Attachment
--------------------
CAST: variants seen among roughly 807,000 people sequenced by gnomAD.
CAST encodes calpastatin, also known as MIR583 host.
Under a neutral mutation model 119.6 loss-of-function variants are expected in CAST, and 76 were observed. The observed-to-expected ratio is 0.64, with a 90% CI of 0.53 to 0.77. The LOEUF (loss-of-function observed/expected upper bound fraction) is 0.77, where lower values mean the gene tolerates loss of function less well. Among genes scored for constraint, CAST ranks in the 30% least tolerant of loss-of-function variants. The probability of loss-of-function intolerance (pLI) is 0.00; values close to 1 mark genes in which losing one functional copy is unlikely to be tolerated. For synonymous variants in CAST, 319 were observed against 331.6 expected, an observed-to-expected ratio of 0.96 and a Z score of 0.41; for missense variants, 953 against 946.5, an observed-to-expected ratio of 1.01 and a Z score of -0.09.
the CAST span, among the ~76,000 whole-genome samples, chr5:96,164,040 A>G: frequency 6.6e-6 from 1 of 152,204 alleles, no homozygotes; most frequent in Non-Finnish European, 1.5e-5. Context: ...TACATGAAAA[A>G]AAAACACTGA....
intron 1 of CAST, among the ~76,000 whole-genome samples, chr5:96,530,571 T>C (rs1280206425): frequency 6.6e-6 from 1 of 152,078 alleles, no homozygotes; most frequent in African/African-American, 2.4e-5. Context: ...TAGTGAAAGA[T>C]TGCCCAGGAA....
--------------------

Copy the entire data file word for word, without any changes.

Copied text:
CAST: variants seen among roughly 807,000 people sequenced by gnomAD.
CAST encodes calpastatin, also known as MIR583 host.
Under a neutral mutation model 119.6 loss-of-function variants are expected in CAST, and 76 were observed. The observed-to-expected ratio is 0.64, with a 90% CI of 0.53 to 0.77. The LOEUF (loss-of-function observed/expected upper bound fraction) is 0.77, where lower values mean the gene tolerates loss of function less well. Among genes scored for constraint, CAST ranks in the 30% least tolerant of loss-of-function variants. The probability of loss-of-function intolerance (pLI) is 0.00; values close to 1 mark genes in which losing one functional copy is unlikely to be tolerated. For synonymous variants in CAST, 319 were observed against 331.6 expected, an observed-to-expected ratio of 0.96 and a Z score of 0.41; for missense variants, 953 against 946.5, an observed-to-expected ratio of 1.01 and a Z score of -0.09.
the CAST span, among the ~76,000 whole-genome samples, chr5:96,164,040 A>G: frequency 6.6e-6 from 1 of 152,204 alleles, no homozygotes; most frequent in Non-Finnish European, 1.5e-5. Context: ...TACATGAAAA[A>G]AAAACACTGA....
intron 1 of CAST, among the ~76,000 whole-genome samples, chr5:96,530,571 T>C (rs1280206425): frequency 6.6e-6 from 1 of 152,078 alleles, no homozygotes; most frequent in African/African-American, 2.4e-5. Context: ...TAGTGAAAGA[T>C]TGCCCAGGAA....